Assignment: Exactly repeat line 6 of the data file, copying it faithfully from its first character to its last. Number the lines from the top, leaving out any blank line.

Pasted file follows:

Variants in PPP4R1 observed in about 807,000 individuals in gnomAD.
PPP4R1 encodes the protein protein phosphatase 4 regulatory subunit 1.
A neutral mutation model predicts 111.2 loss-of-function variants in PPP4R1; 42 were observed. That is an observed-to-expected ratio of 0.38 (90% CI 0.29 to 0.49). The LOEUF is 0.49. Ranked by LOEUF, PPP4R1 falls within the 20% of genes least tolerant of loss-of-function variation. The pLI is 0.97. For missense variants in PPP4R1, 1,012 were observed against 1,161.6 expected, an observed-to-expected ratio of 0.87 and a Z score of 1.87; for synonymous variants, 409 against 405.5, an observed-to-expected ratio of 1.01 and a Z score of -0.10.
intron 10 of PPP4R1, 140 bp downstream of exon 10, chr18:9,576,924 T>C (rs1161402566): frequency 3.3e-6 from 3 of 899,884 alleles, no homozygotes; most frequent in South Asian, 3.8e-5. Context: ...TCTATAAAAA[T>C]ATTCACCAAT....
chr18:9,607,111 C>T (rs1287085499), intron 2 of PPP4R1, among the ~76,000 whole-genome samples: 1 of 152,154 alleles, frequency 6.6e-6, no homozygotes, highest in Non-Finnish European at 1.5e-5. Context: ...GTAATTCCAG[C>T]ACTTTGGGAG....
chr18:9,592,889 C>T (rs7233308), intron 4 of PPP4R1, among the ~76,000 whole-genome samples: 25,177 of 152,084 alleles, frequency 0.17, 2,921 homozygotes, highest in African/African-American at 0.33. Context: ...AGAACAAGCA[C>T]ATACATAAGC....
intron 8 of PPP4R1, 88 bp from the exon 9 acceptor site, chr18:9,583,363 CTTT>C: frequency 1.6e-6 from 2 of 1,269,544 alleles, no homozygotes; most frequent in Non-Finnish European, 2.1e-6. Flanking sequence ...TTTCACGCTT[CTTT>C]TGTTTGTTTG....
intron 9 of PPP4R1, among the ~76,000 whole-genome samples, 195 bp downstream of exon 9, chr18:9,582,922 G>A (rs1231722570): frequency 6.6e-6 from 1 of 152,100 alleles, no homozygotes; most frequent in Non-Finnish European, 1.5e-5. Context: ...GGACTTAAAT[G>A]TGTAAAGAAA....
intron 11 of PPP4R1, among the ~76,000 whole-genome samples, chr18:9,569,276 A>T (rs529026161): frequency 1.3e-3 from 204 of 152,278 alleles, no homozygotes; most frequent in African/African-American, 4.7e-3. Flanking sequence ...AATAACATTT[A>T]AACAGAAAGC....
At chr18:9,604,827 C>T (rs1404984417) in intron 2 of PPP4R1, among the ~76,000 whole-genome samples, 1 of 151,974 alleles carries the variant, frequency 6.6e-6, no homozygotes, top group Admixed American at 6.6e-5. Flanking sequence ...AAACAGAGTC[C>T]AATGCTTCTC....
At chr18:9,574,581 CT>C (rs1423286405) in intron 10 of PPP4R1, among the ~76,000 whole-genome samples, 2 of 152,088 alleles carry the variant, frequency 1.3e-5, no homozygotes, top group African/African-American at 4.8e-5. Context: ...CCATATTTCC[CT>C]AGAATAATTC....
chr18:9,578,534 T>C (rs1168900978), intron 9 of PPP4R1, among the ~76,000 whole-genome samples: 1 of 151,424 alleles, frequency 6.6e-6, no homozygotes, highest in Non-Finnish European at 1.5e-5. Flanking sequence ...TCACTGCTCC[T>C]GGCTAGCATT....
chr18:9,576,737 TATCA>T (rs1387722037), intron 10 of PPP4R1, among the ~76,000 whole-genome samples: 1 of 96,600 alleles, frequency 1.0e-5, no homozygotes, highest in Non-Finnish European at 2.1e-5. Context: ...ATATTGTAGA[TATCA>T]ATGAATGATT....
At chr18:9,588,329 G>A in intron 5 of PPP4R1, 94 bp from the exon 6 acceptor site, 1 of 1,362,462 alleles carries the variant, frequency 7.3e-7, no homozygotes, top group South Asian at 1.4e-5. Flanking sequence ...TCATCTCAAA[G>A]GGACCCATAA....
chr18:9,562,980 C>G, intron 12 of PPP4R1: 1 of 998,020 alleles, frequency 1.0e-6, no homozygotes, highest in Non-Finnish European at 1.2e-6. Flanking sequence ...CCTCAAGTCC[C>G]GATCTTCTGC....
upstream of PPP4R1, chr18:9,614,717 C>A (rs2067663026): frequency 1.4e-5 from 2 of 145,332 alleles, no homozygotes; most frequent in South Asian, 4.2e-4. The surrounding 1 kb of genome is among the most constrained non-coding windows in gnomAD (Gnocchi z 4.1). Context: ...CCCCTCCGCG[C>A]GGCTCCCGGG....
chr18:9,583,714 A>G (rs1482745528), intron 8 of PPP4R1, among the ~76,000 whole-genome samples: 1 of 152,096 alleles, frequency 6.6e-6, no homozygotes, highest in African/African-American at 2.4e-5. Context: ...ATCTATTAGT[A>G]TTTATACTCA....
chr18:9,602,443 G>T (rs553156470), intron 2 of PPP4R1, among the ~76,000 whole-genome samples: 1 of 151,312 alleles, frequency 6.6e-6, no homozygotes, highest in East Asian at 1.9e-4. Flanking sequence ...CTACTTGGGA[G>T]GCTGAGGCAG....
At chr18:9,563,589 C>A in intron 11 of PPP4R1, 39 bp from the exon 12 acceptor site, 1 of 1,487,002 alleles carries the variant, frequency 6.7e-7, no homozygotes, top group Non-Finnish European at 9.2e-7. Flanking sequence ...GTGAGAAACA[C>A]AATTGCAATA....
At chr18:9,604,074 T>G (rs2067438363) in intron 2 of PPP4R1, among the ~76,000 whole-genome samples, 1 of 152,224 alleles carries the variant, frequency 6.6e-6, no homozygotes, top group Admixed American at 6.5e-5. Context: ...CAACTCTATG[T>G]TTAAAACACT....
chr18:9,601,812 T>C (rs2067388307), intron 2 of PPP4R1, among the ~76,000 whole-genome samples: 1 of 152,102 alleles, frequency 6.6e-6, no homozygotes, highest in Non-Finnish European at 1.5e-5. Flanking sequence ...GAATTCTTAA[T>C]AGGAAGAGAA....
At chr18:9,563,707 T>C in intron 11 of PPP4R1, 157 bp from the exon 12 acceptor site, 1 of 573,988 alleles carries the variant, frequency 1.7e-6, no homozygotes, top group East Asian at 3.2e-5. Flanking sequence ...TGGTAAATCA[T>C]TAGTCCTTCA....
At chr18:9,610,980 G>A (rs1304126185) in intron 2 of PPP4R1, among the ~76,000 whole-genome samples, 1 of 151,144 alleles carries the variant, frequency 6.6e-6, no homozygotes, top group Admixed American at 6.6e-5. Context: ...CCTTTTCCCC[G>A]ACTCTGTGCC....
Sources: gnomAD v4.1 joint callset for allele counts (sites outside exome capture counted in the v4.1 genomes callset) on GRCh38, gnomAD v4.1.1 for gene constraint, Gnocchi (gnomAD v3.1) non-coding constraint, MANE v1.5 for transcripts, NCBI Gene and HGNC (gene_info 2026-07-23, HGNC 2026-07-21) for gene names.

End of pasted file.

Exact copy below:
chr18:9,592,889 C>T (rs7233308), intron 4 of PPP4R1, among the ~76,000 whole-genome samples: 25,177 of 152,084 alleles, frequency 0.17, 2,921 homozygotes, highest in African/African-American at 0.33. Context: ...AGAACAAGCA[C>T]ATACATAAGC....